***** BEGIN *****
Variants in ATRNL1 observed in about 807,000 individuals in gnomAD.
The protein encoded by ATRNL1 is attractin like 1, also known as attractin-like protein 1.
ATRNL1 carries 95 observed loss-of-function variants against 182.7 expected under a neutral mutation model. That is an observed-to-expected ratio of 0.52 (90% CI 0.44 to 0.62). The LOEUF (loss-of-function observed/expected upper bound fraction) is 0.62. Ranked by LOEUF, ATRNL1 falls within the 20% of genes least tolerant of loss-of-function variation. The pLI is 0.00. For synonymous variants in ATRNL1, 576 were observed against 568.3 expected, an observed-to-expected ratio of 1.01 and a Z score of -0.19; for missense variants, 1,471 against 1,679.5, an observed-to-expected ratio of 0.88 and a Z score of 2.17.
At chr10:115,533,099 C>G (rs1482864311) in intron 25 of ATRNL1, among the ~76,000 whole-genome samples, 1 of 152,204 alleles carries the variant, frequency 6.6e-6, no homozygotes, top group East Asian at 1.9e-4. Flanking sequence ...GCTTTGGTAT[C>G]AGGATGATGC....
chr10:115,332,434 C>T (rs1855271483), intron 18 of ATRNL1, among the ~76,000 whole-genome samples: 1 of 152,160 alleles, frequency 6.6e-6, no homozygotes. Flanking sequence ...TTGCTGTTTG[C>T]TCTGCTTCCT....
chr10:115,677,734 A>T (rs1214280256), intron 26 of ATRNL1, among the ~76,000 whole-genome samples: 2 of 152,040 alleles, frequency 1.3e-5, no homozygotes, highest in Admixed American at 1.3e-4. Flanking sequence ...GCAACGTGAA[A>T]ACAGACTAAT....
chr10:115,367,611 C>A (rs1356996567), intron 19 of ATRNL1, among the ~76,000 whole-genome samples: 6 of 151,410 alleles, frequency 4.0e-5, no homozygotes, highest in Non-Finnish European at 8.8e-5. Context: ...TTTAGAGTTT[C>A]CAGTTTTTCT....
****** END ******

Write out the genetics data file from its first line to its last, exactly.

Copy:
Variants in ATRNL1 observed in about 807,000 individuals in gnomAD.
The protein encoded by ATRNL1 is attractin like 1, also known as attractin-like protein 1.
ATRNL1 carries 95 observed loss-of-function variants against 182.7 expected under a neutral mutation model. That is an observed-to-expected ratio of 0.52 (90% CI 0.44 to 0.62). The LOEUF (loss-of-function observed/expected upper bound fraction) is 0.62. Ranked by LOEUF, ATRNL1 falls within the 20% of genes least tolerant of loss-of-function variation. The pLI is 0.00. For synonymous variants in ATRNL1, 576 were observed against 568.3 expected, an observed-to-expected ratio of 1.01 and a Z score of -0.19; for missense variants, 1,471 against 1,679.5, an observed-to-expected ratio of 0.88 and a Z score of 2.17.
At chr10:115,533,099 C>G (rs1482864311) in intron 25 of ATRNL1, among the ~76,000 whole-genome samples, 1 of 152,204 alleles carries the variant, frequency 6.6e-6, no homozygotes, top group East Asian at 1.9e-4. Flanking sequence ...GCTTTGGTAT[C>G]AGGATGATGC....
chr10:115,332,434 C>T (rs1855271483), intron 18 of ATRNL1, among the ~76,000 whole-genome samples: 1 of 152,160 alleles, frequency 6.6e-6, no homozygotes. Flanking sequence ...TTGCTGTTTG[C>T]TCTGCTTCCT....
chr10:115,677,734 A>T (rs1214280256), intron 26 of ATRNL1, among the ~76,000 whole-genome samples: 2 of 152,040 alleles, frequency 1.3e-5, no homozygotes, highest in Admixed American at 1.3e-4. Flanking sequence ...GCAACGTGAA[A>T]ACAGACTAAT....
chr10:115,367,611 C>A (rs1356996567), intron 19 of ATRNL1, among the ~76,000 whole-genome samples: 6 of 151,410 alleles, frequency 4.0e-5, no homozygotes, highest in Non-Finnish European at 8.8e-5. Context: ...TTTAGAGTTT[C>A]CAGTTTTTCT....